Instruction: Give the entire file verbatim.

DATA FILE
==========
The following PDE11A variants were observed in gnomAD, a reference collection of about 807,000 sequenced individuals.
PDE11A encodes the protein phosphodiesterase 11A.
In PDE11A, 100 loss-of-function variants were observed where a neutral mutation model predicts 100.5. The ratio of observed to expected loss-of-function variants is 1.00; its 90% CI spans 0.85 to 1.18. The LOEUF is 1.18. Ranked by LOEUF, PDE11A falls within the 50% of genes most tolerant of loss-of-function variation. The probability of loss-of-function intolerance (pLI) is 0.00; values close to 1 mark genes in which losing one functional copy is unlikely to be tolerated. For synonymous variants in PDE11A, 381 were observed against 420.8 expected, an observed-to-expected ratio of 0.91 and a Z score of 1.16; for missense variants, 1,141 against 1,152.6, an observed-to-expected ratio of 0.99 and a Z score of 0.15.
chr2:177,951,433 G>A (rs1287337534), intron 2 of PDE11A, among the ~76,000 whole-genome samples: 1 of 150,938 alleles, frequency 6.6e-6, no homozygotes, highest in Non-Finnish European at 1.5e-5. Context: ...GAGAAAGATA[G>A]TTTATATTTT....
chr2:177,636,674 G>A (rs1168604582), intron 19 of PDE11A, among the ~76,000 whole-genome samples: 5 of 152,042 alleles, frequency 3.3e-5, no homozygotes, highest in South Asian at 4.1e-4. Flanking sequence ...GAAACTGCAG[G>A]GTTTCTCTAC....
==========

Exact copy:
The following PDE11A variants were observed in gnomAD, a reference collection of about 807,000 sequenced individuals.
PDE11A encodes the protein phosphodiesterase 11A.
In PDE11A, 100 loss-of-function variants were observed where a neutral mutation model predicts 100.5. The ratio of observed to expected loss-of-function variants is 1.00; its 90% CI spans 0.85 to 1.18. The LOEUF is 1.18. Ranked by LOEUF, PDE11A falls within the 50% of genes most tolerant of loss-of-function variation. The probability of loss-of-function intolerance (pLI) is 0.00; values close to 1 mark genes in which losing one functional copy is unlikely to be tolerated. For synonymous variants in PDE11A, 381 were observed against 420.8 expected, an observed-to-expected ratio of 0.91 and a Z score of 1.16; for missense variants, 1,141 against 1,152.6, an observed-to-expected ratio of 0.99 and a Z score of 0.15.
chr2:177,951,433 G>A (rs1287337534), intron 2 of PDE11A, among the ~76,000 whole-genome samples: 1 of 150,938 alleles, frequency 6.6e-6, no homozygotes, highest in Non-Finnish European at 1.5e-5. Context: ...GAGAAAGATA[G>A]TTTATATTTT....
chr2:177,636,674 G>A (rs1168604582), intron 19 of PDE11A, among the ~76,000 whole-genome samples: 5 of 152,042 alleles, frequency 3.3e-5, no homozygotes, highest in South Asian at 4.1e-4. Flanking sequence ...GAAACTGCAG[G>A]GTTTCTCTAC....